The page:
But that's now most people start out, so don't worry about that. ;) And welcome!!

OK, I'll go. We don't get out (except for the occasional night drive in the dead of winter) generally between November and March. Once in awhile one of our group will go up in November, and once in a GREAT while in March, if there's an unusually warm weekend...typically though, once gun season starts it goes dead, and March is usually still just too cold, wet, and soggy. Speaking for myself specifically, I'll take a guestimate at monthly hours between April and October:

Average Monthly Hours - 76
Confidence in Existence - 10


Earlier and later months might be only a weekend each, with most time out peaking in July and August when we're up more and usually include a full week+ out there.

I've worked the topic into conversation with a lot of people over the years, and I find that "city folk" are MUCH more prone to scoff at the notion of it, but hunters, hikers, campers, etc. have a much greater understanding of the woods and are way more open-minded to the fact. Also got a few reports that way.

I'm anxious to see your results!
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Hikergirl
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Being a scientist I will contribute. In the good weather months I spend 60 hours a month in the woods. This year that was much of the winter. My level of confidence in existence is 10.

I am not sure how much correlation there is. Too many other variables. Location is a primary variable. Some places bigfoot are so rare that you might spend your entire life in the woods and not see one. Certainly most skeptics do not spend any time in the woods looking for something they "know" does not exist. So logically they never see them. And someone who goes into the woods very infrequently probably does not get far enough in, often enough to have much chance of encounter.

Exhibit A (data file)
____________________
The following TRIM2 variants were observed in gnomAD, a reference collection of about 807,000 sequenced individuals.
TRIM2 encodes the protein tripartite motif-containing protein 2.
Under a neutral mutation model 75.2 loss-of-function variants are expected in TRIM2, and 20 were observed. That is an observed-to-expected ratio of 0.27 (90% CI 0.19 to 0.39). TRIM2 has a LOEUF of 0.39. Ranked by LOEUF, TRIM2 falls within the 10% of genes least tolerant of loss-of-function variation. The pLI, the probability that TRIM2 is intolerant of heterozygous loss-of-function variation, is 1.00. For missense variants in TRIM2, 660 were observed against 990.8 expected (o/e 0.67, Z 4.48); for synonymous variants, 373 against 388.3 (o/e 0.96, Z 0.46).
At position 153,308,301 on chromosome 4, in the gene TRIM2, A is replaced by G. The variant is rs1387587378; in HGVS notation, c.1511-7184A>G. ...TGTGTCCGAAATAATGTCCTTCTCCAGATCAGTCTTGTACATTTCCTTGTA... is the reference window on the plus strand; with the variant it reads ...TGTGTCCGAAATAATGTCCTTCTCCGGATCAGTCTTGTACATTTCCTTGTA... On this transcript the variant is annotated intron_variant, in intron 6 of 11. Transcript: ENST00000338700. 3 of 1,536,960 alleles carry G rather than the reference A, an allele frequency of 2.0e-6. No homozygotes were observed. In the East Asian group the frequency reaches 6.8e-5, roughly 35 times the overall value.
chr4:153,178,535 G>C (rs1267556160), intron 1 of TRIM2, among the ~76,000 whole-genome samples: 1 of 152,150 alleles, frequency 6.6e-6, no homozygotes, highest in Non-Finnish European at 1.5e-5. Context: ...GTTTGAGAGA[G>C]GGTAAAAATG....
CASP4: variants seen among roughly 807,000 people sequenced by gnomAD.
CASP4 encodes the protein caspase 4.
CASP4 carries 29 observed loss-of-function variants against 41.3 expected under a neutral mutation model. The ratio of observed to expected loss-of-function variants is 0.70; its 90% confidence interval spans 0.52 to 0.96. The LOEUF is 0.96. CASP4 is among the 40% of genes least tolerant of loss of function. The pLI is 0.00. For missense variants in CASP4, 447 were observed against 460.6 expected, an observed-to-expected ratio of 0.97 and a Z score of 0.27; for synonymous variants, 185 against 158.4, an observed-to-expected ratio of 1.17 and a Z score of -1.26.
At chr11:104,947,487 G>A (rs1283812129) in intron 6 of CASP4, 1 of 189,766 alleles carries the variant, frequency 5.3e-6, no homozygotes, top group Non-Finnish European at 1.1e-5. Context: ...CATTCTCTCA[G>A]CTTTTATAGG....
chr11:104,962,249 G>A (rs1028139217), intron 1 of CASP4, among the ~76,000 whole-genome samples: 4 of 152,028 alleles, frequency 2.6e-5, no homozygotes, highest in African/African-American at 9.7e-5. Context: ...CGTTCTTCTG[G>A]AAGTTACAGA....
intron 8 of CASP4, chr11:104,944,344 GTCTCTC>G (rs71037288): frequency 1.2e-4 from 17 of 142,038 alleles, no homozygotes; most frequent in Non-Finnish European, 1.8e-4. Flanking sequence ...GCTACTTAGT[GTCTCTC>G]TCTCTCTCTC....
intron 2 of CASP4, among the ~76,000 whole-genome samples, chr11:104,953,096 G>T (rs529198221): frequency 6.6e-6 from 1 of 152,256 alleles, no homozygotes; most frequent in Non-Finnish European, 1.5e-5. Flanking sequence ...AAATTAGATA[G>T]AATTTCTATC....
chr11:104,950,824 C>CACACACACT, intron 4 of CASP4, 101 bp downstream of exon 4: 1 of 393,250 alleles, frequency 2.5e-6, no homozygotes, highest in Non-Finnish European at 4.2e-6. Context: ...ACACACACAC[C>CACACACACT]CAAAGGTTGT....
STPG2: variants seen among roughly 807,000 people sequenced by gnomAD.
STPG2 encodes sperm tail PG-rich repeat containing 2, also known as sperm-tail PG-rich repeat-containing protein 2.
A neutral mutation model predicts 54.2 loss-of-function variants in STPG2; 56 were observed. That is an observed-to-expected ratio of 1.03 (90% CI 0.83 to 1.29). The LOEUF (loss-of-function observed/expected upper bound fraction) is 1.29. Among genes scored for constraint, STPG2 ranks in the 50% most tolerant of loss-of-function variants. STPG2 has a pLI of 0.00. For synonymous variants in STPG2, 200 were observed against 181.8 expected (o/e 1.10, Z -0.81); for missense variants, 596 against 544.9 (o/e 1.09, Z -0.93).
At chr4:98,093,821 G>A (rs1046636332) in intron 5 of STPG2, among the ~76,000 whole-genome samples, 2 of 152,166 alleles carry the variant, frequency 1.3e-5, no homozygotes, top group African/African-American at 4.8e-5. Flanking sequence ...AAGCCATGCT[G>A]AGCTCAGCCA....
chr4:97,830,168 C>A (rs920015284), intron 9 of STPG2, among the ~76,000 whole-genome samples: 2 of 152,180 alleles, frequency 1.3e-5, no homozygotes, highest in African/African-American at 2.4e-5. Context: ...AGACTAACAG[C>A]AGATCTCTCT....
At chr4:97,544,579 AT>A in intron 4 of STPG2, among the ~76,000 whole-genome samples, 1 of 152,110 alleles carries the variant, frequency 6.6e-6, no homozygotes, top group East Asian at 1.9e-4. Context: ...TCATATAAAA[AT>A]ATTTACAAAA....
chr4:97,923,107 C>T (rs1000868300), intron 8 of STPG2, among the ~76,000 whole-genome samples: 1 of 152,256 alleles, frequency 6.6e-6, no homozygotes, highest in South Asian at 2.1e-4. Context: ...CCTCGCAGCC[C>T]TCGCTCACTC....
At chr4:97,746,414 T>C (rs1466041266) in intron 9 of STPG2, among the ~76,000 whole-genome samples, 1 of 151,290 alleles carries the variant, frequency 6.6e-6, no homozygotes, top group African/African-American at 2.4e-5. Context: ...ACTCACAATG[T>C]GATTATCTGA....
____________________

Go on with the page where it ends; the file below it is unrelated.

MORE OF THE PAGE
Other variables I can think of are: Familiarity with normal woodland creatures, how aware you are of your surroundings, how good your vision and hearing is, how you behave in the woods, and the activities you are doing when you are there. Some things we do are interesting to them, other things like shooting will drive them away. But even at that, hunters are more likely than most people to see bigfoot because hunters spend the time in the woods and get off trail where an encounter is more likely.

Given my own history, and how much field work I do, I still feel very lucky to have had the encounter experiences I have had. I live in one of the most active bigfoot areas in the country and yet feel an encounter is extremely rare event. They are many many times better at avoiding us than we are at locating them.
Edited by Hikergirl, Mar 20 2015, 05:17 PM.
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cerulean
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Thanks for the responses guys!

Based on the various sources I surveyed, I don't think the data really shows any type of correlation. Also, in my opinion, my sample size wasn't large enough but then again we weren't required to survey more than 10 people. As Hikergirl mentioned there are way too many variables, and living in the Los Angeles area where Bigfoot habitat is scarce, it seems like everybody around here is a skeptic (at least in my circle). Kinda takes the fun out of it to be honest.

But, despite that, this was a fun exercise in correlational studies. Obviously there are many potential flaws associated with such studies and it's really helpful seeing that first hand.

Btw if anyone's interested, I'm attaching (or at least tried to attach) my graph.
Attached to this post:
Attachments: Bigfoot_Data.xlsx (12.06 KB)
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Stacy
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I can't get it to open up, but your summary will suffice.

Sorry you didn't get more responses here but we're small and pretty quiet. :) Did you get a good grade?